This week, Pantone announced that its new Color of the Year 2018 would be: Ultra-Violet. Striking, bold, intense, complex – it is the color of kings and royalty, as well as mindfulness and spirituality.
“We are living in a time that requires inventiveness and imagination...” says Leatrice Eiseman, Executive Director of the Pantone Color Institute."...intuitive Ultra Violet lights the way to what is yet to come."
Historically, purple was the color of royalty, and aristocracy, as it was outrageously expensive to produce. Made from the mucus of sea snails – only a tiny amount was needed to create the rich color, yet it took as many as 250,000 snails to make one ounce of the dye. It’s a wonder the little molluscs didn't become extinct!
In fact, as the snails were rare, the dye was literally worth its weight in gold. In Ancient Greece, statesmen and generals wore the color, and in the Roman Empire it was only for the nobility. In fact, Julius Caesar restricted the wearing of it to the immediate ruling circle, a trait Henry VIII followed, as he decreed that only the king and his immediate family could wear purple.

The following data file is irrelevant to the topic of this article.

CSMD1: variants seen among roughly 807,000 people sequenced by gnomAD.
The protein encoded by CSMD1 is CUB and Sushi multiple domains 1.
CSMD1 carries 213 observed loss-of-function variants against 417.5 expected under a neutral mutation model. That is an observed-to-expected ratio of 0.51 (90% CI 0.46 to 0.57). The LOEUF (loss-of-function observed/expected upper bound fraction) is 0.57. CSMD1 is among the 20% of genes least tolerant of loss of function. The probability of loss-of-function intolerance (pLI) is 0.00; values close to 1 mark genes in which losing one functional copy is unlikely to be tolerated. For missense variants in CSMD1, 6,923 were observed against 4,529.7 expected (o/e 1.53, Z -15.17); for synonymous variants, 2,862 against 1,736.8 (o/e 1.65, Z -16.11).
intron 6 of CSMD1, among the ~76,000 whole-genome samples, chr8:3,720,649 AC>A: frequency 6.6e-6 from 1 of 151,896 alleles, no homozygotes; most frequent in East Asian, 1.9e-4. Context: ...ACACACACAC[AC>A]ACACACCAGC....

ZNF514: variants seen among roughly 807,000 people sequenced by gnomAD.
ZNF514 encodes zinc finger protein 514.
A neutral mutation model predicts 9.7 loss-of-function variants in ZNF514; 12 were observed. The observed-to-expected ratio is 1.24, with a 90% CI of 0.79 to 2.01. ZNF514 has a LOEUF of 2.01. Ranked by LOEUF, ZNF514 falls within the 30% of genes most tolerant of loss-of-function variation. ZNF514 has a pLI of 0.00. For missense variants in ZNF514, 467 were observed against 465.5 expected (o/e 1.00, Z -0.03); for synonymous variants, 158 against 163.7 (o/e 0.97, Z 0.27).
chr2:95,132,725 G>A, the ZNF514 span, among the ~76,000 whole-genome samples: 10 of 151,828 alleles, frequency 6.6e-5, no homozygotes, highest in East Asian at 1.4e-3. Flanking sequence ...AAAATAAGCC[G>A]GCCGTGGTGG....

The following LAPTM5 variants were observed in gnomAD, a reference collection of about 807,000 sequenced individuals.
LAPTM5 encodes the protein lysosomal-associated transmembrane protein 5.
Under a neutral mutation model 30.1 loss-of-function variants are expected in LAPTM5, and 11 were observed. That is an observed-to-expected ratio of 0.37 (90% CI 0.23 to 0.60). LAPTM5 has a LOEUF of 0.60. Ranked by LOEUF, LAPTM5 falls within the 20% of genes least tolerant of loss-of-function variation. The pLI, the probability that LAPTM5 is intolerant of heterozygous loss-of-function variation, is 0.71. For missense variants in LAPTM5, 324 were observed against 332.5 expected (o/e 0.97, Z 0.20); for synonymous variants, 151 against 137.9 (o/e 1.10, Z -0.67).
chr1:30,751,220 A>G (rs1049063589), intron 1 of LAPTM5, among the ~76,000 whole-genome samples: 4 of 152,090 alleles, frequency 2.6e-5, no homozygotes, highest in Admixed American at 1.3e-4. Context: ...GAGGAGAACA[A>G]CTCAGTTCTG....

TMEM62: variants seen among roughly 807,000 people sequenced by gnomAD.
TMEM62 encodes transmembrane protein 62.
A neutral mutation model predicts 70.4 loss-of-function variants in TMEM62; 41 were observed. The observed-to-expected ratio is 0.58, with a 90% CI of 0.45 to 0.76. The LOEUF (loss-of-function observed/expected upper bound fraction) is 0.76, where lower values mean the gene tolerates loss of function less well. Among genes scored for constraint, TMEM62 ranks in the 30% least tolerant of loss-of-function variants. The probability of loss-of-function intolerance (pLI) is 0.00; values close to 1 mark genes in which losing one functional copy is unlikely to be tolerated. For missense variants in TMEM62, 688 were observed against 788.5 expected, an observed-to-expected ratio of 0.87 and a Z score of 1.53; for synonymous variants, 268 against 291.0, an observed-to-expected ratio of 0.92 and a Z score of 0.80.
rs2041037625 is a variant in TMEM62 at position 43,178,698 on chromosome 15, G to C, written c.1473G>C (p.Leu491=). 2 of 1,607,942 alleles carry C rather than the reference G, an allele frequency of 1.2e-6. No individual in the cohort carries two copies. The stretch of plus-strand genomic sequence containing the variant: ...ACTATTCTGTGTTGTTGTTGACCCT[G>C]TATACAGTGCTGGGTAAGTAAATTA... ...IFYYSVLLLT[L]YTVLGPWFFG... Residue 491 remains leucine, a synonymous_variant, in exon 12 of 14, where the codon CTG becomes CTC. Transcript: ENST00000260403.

Luckily for us, synthetic dyes for the color was discovered in the late nineteenth century, which means that not only purple, but a myriad of its tones, including the gorgeous 'ultra violet' are available to us all today.
COLOR OF THE COSMOS:
This beautiful color is also symbolic of mysticism and the Cosmos. In a world that is currently struggling to find meaning, could this shade be a beacon of hope out of the political darkness of 2017, and instill some possible harmony? I do hope so.
Purple is regal, majestic and rich and a little goes a long way. Unless you are going to use it in place of a dark navy, or black, in a small intimate space, my own preference would be to use it as an accent color, along with possibly a green (Pantone Color of the Year 2017 was Greenery – a bright, fresh green that would complement this color perfectly). It also pairs nicely with navy and grey.
Pillows & throws
Small pieces of furniture: chairs, couches and headboards
Feature walls in a large room; and all walls in a small, intimate space